ADM’s Luciano talks COVID’s impact on global food supply chain
The coronavirus pandemic has forced companies worldwide to recalibrate on the fly—with those in supply-chain-sensitive sectors especially feeling the virus’s disruptive impact.
As one of the largest food and agricultural processing corporations, Archer Daniels Midland—also known as ADM—has experienced these dynamics firsthand, chairman and CEO Juan R. Luciano said during this year’s virtual edition of the Fortune Global Forum on Monday.
But as Luciano noted, the Chicago-based company can rely on more than a century’s worth of experience to know that such issues are part and parcel of doing business in an unpredictable, evolving world—and that it must be prepared to manage such hurdles accordingly.
“Most people take for granted that food will show up,” Luciano told Fortune senior editor Beth Kowitt. “We can’t, and we have that responsibility. We have been doing that for 118 years.”
As Luciano put it, ADM regularly has to account for developments as varied as weather-related events and political regime changes—and a global pandemic, while far less common, is no exception. “That’s what our company does: It adjusts constantly,” he said. “That’s why we can be around for 118 years.”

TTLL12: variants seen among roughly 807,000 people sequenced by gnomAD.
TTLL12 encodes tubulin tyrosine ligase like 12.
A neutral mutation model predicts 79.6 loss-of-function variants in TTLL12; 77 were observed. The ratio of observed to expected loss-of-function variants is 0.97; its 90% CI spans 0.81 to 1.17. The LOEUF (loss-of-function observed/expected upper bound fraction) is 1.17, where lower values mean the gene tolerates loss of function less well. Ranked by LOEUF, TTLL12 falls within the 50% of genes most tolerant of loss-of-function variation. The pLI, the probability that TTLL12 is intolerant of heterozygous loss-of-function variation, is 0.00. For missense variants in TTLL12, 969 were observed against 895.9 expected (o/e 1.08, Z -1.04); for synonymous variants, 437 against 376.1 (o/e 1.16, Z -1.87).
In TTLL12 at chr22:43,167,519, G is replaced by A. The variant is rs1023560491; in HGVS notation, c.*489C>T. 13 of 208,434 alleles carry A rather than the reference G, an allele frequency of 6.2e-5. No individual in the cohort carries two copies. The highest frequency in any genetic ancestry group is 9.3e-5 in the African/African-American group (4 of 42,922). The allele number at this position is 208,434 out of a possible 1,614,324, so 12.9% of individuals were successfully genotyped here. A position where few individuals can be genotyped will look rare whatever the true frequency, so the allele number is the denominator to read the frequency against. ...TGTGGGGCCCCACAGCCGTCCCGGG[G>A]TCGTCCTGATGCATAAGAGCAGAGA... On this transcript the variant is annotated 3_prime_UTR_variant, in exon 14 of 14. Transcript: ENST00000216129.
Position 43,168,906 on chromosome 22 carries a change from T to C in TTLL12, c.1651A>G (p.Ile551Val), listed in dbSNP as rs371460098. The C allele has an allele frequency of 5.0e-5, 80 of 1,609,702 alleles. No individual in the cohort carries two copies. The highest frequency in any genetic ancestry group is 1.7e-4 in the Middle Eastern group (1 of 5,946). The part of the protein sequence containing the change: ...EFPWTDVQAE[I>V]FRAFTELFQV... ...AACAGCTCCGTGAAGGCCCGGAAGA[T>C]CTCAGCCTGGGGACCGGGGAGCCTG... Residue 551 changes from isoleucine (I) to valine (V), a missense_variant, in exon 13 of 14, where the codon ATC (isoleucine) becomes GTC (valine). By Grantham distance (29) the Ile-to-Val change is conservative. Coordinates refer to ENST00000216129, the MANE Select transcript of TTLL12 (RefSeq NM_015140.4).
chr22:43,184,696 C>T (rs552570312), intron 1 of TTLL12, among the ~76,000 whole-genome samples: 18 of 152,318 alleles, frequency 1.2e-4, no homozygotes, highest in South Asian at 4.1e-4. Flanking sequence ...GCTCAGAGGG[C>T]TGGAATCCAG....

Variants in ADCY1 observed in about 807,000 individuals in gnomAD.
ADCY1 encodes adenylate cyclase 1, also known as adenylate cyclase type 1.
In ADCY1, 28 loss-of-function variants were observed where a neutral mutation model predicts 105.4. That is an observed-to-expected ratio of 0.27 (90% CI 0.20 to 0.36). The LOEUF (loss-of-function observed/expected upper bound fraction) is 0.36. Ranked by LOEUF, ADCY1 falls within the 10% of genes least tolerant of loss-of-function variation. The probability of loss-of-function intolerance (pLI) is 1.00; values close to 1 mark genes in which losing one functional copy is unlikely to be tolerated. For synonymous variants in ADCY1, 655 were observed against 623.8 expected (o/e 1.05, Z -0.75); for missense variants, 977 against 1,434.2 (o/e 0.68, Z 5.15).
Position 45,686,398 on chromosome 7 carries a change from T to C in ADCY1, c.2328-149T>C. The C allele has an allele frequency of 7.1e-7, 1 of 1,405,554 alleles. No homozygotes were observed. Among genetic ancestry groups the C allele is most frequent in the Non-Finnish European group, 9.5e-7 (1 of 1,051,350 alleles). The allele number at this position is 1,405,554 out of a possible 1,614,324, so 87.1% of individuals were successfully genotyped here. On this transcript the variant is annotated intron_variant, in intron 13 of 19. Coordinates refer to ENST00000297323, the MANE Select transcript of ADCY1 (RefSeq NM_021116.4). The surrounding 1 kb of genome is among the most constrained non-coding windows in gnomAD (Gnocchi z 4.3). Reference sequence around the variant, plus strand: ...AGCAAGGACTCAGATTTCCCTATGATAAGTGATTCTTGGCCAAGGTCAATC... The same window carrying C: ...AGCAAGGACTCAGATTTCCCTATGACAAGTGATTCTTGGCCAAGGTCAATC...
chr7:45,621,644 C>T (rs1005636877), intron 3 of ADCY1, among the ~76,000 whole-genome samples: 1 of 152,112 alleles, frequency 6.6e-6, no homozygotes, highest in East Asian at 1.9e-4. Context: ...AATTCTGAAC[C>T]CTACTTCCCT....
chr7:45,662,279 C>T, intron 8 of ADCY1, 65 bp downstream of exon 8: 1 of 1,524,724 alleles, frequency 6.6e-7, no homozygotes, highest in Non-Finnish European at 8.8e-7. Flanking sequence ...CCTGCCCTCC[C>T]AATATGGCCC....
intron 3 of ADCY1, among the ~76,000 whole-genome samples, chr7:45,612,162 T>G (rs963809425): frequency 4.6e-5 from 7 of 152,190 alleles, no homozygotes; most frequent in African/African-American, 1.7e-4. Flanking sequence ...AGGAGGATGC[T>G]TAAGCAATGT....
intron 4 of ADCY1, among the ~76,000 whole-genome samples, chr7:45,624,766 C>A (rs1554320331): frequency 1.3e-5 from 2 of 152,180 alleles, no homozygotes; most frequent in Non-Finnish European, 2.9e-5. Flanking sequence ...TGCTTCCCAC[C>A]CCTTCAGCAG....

Of course, the pandemic has offered a unique set of challenges for ADM to navigate. “There were a lot of realignments,” Luciano recalled of COVID-19’s initial impact this past spring, when huge swaths of the global economy were forced into lockdown. He noted how food supply demand “shifted so dramatically,” from food services operators, like restaurants and caterers, to retail outlets, like grocery stores.
But ADM was able to benefit from its position as a multinational operator—parlaying what it saw and learned from the virus’s earliest hot zones in Asia to inform its response once it spread to Europe and the Americas. “Because we’re a global company, we saw the [spread] of the virus from east to west,” Luciano said. “We already knew a lot of the things we had to do in Europe, given the experience in Asia.”
Looking to the future, Luciano talked of the potential that scientific developments in food and agriculture—partially spurred by heightened consumer demand for products that promote health and wellness—will have on ADM’s industry.
“It’s brought about an era of transformation in food and beverage,” he said, citing the emergence of plant-based proteins as a substitute for meat. He also talked up the “potential of microbial fermentation” as a transformative alternative to traditional means of agriculture that are more time- and cost-intensive.
“It takes about four hours for a microbe to double in size,” Luciano noted. “The potential of those technologies to increase the carrying capacity of our planet is immense, and I think it deserves much more research dollars.”